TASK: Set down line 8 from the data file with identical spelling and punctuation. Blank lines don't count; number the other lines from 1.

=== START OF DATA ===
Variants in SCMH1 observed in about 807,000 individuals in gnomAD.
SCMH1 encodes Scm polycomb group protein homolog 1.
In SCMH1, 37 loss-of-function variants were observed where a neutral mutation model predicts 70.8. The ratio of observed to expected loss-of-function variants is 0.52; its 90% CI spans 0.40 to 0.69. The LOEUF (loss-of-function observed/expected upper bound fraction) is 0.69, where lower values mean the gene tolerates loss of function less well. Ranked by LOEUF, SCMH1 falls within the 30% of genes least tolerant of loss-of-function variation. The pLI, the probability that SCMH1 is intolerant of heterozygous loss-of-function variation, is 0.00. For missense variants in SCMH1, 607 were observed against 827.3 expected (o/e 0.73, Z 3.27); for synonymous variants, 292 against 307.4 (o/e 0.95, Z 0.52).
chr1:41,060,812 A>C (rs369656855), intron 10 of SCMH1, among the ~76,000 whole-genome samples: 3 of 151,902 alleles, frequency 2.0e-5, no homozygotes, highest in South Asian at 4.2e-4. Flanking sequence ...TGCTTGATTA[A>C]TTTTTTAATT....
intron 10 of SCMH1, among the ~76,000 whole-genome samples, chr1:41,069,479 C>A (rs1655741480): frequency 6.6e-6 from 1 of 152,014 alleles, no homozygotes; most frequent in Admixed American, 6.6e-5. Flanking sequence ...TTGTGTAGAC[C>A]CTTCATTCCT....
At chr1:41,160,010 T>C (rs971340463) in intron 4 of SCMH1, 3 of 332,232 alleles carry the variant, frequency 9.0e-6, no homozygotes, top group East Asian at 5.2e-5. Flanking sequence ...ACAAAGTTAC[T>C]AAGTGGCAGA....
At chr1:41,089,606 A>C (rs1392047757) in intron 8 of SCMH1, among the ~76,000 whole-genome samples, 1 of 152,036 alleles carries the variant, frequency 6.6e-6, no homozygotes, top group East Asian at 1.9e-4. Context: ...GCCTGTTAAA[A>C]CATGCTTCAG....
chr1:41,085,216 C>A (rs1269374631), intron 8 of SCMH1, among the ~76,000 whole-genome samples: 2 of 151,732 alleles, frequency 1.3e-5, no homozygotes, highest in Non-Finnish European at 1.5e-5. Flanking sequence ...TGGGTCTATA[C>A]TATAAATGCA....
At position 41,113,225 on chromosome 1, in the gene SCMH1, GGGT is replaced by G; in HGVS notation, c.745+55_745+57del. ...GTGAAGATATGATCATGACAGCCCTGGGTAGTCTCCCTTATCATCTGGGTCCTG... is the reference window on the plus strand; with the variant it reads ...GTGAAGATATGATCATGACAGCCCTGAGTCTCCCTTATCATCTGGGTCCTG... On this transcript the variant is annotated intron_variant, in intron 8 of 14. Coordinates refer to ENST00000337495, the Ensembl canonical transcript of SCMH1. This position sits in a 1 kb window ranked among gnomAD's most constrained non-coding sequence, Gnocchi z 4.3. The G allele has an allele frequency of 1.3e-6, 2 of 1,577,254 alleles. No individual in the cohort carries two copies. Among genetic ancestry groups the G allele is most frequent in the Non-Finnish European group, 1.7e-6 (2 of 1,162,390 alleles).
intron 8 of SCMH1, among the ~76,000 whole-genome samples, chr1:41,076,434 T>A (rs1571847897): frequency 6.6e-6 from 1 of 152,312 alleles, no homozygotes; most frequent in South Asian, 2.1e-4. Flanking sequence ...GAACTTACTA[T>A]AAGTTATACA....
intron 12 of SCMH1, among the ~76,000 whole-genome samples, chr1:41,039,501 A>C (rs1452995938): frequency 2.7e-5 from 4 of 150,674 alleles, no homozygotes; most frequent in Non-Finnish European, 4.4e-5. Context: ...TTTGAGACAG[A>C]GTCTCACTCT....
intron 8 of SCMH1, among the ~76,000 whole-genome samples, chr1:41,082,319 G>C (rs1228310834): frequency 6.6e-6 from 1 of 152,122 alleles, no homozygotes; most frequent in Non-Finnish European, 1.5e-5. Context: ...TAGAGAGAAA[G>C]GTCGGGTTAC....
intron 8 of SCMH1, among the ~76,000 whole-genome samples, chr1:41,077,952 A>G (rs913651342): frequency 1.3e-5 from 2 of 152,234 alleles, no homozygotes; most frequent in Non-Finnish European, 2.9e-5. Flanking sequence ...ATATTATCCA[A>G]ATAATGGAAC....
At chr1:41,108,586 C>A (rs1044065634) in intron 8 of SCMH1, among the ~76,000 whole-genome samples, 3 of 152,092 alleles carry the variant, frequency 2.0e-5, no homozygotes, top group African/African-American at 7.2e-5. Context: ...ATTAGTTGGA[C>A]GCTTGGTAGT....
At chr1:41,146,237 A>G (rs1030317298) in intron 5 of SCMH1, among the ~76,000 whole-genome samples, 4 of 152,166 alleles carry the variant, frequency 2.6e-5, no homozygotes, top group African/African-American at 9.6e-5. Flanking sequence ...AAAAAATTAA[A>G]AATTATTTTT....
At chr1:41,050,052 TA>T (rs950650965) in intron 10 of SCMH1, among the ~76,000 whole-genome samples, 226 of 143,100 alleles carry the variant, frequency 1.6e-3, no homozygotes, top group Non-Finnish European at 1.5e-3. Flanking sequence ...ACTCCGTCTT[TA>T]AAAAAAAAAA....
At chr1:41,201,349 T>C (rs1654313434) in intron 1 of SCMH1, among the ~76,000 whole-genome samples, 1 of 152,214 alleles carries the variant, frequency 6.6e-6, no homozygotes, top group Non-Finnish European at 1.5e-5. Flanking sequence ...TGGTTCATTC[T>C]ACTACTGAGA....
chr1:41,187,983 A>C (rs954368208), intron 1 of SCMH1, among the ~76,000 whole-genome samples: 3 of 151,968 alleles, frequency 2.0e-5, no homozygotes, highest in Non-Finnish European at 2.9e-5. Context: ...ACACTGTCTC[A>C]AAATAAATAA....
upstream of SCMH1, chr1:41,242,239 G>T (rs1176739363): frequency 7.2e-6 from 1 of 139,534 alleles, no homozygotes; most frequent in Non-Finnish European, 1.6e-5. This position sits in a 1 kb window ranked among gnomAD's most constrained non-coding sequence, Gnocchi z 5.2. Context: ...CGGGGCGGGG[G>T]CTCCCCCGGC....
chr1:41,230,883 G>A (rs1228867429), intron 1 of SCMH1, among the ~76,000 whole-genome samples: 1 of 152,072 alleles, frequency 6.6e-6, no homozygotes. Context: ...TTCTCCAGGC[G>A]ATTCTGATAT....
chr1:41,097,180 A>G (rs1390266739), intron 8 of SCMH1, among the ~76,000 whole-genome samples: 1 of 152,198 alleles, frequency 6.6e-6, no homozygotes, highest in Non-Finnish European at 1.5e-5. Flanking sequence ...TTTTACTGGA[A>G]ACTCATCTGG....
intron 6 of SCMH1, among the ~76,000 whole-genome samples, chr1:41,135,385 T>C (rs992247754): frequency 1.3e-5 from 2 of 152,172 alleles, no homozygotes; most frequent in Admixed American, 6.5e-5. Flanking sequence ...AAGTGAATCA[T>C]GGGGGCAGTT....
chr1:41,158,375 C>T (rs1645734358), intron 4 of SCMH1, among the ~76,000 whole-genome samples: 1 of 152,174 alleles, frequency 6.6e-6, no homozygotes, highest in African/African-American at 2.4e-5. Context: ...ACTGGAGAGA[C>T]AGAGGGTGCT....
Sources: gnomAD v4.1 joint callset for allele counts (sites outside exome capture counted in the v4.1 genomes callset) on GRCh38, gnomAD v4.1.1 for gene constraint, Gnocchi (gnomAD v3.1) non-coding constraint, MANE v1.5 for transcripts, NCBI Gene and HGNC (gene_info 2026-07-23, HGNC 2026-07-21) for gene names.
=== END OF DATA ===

chr1:41,085,216 C>A (rs1269374631), intron 8 of SCMH1, among the ~76,000 whole-genome samples: 2 of 151,732 alleles, frequency 1.3e-5, no homozygotes, highest in Non-Finnish European at 1.5e-5. Flanking sequence ...TGGGTCTATA[C>A]TATAAATGCA....